Buying a property with an HOA (homeowners’ association) sounds like a nightmare to many people. Living in a community with a set of rules people follow may sound good, but unfortunately, some HOAs have many pitfalls. Why are HOAs hated so much?
The main reasons HOAs are hated so much are excessively restrictive rules, poor maintenance of common areas, inconsistent application of the rules, and incompetent HOA Board members.
If you are thinking about investing in a property that is part of an HOA, make sure you understand the HOA you are getting into before you purchase the property.
In this article I will provide my arguments for why HOAs are hated so much.
What is an HOA Anyway?
Approximately 25% to 27% of Americans live in a homeowners’ association (HOA) in the USA.
An HOA is a geographical area (subdivision, district, or unit) or condominium building established to make and enforce specific rules. These rules often limit the owner’s choices and are usually documented in the CC&Rs (Covenants, Conditions, and Restrictions) and By-Laws. The ultimate goal of the HOA is to maintain and enhance the common areas of the community.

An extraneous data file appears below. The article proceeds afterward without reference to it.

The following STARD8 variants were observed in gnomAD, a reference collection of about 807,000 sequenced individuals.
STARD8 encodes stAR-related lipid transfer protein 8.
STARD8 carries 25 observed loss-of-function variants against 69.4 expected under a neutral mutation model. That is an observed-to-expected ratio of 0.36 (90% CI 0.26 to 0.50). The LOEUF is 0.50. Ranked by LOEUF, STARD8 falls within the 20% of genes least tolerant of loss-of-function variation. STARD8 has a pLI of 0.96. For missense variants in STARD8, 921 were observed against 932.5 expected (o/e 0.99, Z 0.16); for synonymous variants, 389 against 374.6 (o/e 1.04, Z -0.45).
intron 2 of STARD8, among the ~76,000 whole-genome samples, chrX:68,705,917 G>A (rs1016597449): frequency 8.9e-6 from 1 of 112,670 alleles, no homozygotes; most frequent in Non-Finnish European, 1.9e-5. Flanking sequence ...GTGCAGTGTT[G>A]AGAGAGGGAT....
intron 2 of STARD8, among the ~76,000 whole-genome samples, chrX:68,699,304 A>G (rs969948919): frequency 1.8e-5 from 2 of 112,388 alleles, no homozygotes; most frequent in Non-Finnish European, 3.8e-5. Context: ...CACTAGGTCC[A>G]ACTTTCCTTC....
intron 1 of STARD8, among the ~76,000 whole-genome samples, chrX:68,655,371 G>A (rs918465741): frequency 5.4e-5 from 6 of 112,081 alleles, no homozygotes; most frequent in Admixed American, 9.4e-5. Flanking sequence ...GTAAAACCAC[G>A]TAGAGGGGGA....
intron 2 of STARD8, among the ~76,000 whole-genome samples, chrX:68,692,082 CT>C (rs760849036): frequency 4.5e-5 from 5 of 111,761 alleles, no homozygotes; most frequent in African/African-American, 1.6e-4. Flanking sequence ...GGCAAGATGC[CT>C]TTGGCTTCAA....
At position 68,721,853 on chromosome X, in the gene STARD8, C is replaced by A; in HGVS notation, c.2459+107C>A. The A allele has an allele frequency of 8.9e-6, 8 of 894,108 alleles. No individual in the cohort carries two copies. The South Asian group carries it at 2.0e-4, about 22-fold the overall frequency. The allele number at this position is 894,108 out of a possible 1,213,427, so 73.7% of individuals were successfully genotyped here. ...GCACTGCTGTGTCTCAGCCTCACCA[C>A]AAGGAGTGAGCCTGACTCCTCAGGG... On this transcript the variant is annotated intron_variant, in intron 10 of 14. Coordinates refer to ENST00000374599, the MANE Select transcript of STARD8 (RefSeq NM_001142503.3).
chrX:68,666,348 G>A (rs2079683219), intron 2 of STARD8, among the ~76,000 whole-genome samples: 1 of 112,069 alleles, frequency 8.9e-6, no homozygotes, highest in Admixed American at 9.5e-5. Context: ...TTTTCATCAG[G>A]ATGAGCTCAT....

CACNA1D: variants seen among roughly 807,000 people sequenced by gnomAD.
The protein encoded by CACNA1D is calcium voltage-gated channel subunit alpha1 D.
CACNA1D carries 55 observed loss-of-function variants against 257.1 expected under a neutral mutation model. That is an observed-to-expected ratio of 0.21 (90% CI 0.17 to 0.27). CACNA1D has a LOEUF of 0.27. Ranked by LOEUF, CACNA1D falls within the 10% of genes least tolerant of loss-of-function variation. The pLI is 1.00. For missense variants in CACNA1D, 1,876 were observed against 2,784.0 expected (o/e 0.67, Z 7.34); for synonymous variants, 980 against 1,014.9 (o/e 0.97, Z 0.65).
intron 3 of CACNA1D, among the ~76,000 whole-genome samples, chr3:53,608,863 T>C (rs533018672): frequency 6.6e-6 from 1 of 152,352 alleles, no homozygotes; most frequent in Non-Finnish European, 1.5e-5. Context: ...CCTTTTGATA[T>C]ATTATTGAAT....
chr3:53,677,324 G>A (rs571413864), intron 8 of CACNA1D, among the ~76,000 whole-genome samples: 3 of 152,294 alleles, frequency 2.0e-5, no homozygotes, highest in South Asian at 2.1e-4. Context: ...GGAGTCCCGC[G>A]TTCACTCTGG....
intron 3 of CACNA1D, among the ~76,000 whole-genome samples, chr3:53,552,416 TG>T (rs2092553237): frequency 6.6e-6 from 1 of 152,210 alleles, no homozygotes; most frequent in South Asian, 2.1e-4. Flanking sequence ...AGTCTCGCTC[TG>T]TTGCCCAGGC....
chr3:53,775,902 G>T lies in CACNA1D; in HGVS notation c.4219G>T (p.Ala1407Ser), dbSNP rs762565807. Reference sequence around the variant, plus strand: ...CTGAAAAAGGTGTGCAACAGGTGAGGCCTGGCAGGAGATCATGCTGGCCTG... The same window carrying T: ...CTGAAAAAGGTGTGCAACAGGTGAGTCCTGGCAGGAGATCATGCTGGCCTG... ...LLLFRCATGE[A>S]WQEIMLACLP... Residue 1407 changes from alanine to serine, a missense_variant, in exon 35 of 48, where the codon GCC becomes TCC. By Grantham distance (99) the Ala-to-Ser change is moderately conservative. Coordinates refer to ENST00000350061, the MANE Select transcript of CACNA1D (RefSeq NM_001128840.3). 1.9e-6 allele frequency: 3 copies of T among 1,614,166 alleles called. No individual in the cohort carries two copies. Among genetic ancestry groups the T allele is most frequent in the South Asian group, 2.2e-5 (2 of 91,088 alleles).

Typical HOA rules have requirements or restrictions on landscaping, rentals, house color schemes, vehicles, pets, trash, etc.
Although state laws and regulations govern how HOAs operate, the HOA’s day-to-day operations are managed by the HOA Board of directors. The HOA Board is often made out of volunteer community members. And this is, in my opinion, the root cause of most problems. More on this below.
Why Homeowners Hate HOAs?
First, I have to say that while many people hate HOAs, most people actually like them. It really depends on the type of neighbors you have.
Some residents in specific communities are thrilled and satisfied with their HOA. It all depends on where you end up and how your local HOA is managed. But regardless of how nice an individual community is, you will always find people who hate some aspects of it.
According to a survey completed by Insurance Quotes, Baby Boomers hate their HOA less than the younger generations. The table below shows a breakdown by generation, based on the Insurance Quotes survey.